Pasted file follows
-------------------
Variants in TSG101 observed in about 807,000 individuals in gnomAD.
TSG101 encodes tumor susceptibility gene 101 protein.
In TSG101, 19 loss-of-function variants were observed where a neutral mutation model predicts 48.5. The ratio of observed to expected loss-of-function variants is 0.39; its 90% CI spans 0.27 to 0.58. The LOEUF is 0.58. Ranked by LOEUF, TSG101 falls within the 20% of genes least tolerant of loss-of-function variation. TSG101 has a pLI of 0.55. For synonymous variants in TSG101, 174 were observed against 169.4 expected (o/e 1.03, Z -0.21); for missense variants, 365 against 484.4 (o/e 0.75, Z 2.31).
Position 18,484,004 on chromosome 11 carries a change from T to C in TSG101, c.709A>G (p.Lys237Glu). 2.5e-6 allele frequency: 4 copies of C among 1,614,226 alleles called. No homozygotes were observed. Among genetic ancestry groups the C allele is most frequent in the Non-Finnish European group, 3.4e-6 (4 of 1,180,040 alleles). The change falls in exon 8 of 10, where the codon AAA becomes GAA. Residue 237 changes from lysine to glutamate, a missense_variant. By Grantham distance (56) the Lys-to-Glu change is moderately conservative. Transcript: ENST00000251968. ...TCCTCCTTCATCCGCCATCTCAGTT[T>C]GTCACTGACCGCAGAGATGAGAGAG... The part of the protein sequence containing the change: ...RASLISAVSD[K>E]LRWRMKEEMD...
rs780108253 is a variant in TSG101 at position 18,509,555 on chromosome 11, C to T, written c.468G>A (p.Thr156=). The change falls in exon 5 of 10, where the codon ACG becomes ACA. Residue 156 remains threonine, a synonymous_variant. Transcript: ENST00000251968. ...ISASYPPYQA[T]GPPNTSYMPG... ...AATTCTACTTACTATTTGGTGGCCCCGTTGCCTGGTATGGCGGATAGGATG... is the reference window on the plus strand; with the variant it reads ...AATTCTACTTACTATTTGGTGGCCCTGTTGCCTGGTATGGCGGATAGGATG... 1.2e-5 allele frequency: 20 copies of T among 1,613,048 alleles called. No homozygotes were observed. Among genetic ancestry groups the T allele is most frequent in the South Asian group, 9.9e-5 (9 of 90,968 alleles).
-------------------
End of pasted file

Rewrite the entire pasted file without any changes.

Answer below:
Variants in TSG101 observed in about 807,000 individuals in gnomAD.
TSG101 encodes tumor susceptibility gene 101 protein.
In TSG101, 19 loss-of-function variants were observed where a neutral mutation model predicts 48.5. The ratio of observed to expected loss-of-function variants is 0.39; its 90% CI spans 0.27 to 0.58. The LOEUF is 0.58. Ranked by LOEUF, TSG101 falls within the 20% of genes least tolerant of loss-of-function variation. TSG101 has a pLI of 0.55. For synonymous variants in TSG101, 174 were observed against 169.4 expected (o/e 1.03, Z -0.21); for missense variants, 365 against 484.4 (o/e 0.75, Z 2.31).
Position 18,484,004 on chromosome 11 carries a change from T to C in TSG101, c.709A>G (p.Lys237Glu). 2.5e-6 allele frequency: 4 copies of C among 1,614,226 alleles called. No homozygotes were observed. Among genetic ancestry groups the C allele is most frequent in the Non-Finnish European group, 3.4e-6 (4 of 1,180,040 alleles). The change falls in exon 8 of 10, where the codon AAA becomes GAA. Residue 237 changes from lysine to glutamate, a missense_variant. By Grantham distance (56) the Lys-to-Glu change is moderately conservative. Transcript: ENST00000251968. ...TCCTCCTTCATCCGCCATCTCAGTT[T>C]GTCACTGACCGCAGAGATGAGAGAG... The part of the protein sequence containing the change: ...RASLISAVSD[K>E]LRWRMKEEMD...
rs780108253 is a variant in TSG101 at position 18,509,555 on chromosome 11, C to T, written c.468G>A (p.Thr156=). The change falls in exon 5 of 10, where the codon ACG becomes ACA. Residue 156 remains threonine, a synonymous_variant. Transcript: ENST00000251968. ...ISASYPPYQA[T]GPPNTSYMPG... ...AATTCTACTTACTATTTGGTGGCCCCGTTGCCTGGTATGGCGGATAGGATG... is the reference window on the plus strand; with the variant it reads ...AATTCTACTTACTATTTGGTGGCCCTGTTGCCTGGTATGGCGGATAGGATG... 1.2e-5 allele frequency: 20 copies of T among 1,613,048 alleles called. No homozygotes were observed. Among genetic ancestry groups the T allele is most frequent in the South Asian group, 9.9e-5 (9 of 90,968 alleles).